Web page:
Friday, September 04, 2009

Beslan: 5th Anniversary of a Human Obscenity

I'm a few days late, but this should not be forgotten.

1 September 2004. A school in Beslan, Ossetia.

A bunch of people who, one might argue—not without some emotional justification—should never have been allowed to draw even their first breath, take over 1100 people hostage, more than 700 of them children. They wire the rooms with explosives in a way that leaves no doubt that they never had anything in mind but to eventually kill their hostages and themselves; after as much exposure as they could get for their cause. (Never mind their cause. It could have been 'saving the world', for all I care.)

When the siege is over, over 300 hostages are dead, more than half of them children.

For those inclined to be blasé about this, Google 'Beslan' and go to the images pages! I warn you, this is harrowing, gruesome material. There is no 'worst image'. The scale of this thing is mind-numbing.

What makes this 'more terrible', if you will, than other occasions where innocent people are massacred—well, it isn't 'more terrible', but it may hit you that way, just as the murder of Neda Agha-Soltan seemed to have more of an impact than others we hear about—is that this event is set in a context that we, basically meaning 'Europeans', can relate to without any significant cognitive disconnect. It brings home the same thing I said in my blog entry on Neda Agha-Soltan's murder.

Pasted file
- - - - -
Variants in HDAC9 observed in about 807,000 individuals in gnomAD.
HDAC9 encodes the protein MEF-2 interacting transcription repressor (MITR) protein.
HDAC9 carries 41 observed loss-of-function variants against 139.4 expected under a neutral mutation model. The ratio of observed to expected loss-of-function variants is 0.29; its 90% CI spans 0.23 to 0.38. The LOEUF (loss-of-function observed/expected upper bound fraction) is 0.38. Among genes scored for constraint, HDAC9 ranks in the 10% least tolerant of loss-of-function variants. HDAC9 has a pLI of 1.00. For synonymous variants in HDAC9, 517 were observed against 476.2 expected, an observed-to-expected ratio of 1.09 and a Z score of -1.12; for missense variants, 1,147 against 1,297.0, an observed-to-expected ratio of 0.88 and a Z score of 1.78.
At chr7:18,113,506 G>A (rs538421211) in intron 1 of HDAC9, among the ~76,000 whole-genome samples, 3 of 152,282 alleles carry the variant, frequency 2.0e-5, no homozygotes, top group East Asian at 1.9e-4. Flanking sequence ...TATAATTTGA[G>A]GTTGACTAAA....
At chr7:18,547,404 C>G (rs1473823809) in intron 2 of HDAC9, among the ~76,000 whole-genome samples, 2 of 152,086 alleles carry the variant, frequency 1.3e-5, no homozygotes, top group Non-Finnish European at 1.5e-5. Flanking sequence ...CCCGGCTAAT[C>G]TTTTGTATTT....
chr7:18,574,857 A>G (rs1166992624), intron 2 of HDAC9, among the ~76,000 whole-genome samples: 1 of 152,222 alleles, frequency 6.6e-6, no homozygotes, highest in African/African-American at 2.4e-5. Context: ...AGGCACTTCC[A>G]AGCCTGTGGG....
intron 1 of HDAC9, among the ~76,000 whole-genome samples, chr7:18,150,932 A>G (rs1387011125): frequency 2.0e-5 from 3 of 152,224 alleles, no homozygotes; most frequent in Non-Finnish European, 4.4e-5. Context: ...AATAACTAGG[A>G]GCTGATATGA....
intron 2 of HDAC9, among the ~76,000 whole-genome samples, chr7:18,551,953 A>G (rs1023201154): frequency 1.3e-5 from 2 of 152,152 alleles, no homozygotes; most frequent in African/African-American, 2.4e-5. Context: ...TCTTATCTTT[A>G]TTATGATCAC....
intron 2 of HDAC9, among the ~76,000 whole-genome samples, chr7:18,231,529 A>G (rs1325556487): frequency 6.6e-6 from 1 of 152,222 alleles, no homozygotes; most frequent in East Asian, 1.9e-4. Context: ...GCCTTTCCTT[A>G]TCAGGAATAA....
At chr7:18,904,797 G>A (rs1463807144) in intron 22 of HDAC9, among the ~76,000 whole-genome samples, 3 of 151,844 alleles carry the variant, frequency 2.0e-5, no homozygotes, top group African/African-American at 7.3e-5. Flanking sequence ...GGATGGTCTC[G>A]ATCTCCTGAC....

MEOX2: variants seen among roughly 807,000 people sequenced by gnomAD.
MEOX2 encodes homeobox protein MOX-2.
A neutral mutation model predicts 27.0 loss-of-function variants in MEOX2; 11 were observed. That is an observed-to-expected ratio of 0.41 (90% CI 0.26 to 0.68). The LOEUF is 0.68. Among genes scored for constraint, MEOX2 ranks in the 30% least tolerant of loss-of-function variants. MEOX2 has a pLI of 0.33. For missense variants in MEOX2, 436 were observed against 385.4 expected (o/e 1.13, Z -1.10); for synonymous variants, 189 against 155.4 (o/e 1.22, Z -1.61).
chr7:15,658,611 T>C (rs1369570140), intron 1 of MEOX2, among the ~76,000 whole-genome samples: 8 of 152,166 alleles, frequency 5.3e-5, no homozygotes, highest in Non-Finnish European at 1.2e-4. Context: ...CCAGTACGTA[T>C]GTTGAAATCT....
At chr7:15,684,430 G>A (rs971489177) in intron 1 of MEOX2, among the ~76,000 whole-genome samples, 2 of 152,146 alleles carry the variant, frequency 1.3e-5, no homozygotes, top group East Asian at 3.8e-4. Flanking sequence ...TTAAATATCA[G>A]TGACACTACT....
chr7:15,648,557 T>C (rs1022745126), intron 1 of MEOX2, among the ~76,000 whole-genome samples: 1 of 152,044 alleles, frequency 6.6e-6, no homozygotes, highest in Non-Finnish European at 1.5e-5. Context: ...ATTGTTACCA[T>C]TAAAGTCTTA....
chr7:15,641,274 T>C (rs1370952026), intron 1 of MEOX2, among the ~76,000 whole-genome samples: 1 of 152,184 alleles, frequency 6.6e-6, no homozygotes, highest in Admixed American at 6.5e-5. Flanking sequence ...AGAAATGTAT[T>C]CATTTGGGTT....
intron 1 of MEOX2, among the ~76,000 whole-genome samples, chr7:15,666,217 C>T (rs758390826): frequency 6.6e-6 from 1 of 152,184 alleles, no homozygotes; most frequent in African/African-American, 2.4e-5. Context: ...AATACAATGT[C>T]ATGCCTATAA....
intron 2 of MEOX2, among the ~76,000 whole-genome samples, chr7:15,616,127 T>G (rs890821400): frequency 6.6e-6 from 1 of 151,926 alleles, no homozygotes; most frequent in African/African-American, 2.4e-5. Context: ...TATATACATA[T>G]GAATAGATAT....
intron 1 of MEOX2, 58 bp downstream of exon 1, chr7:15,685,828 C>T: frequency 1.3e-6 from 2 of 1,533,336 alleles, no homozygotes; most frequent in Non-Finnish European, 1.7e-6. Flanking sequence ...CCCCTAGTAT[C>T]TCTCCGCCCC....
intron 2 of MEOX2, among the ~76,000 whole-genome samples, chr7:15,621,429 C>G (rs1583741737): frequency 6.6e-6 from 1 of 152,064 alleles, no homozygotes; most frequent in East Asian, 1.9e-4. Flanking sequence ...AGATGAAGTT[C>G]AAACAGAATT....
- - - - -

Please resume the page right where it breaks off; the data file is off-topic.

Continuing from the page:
It also hits us right between the eyes, because of the way in which it highlights evil. It makes it clear that evil happens when, for whatever reason, people lose their will to think clearly. The deliberate targeting of the Beslan school for a propaganda massacre by the perpetrators represents such a point of mental dysfunction, when evil is allowed to gain a hold. Indeed, it appears to me, that here is one of the ways in which 'evil' finds a definition-by-instance. Evil which happens because it found an excuse for happening. For I am utterly certain that it would never have occurred to the hostage takers that the reasons for their actions lay not in the cause in the name of which they did what they did, but in their own minds. That they chose to do evil because they wanted to, and therefore became its incarnations.

But these are words and little good they do. Beslan was one of those things that happen, but which we all should do our best not to allow to happen. And the victims of our neglect are, as is usually the case, those we call 'the innocent'.

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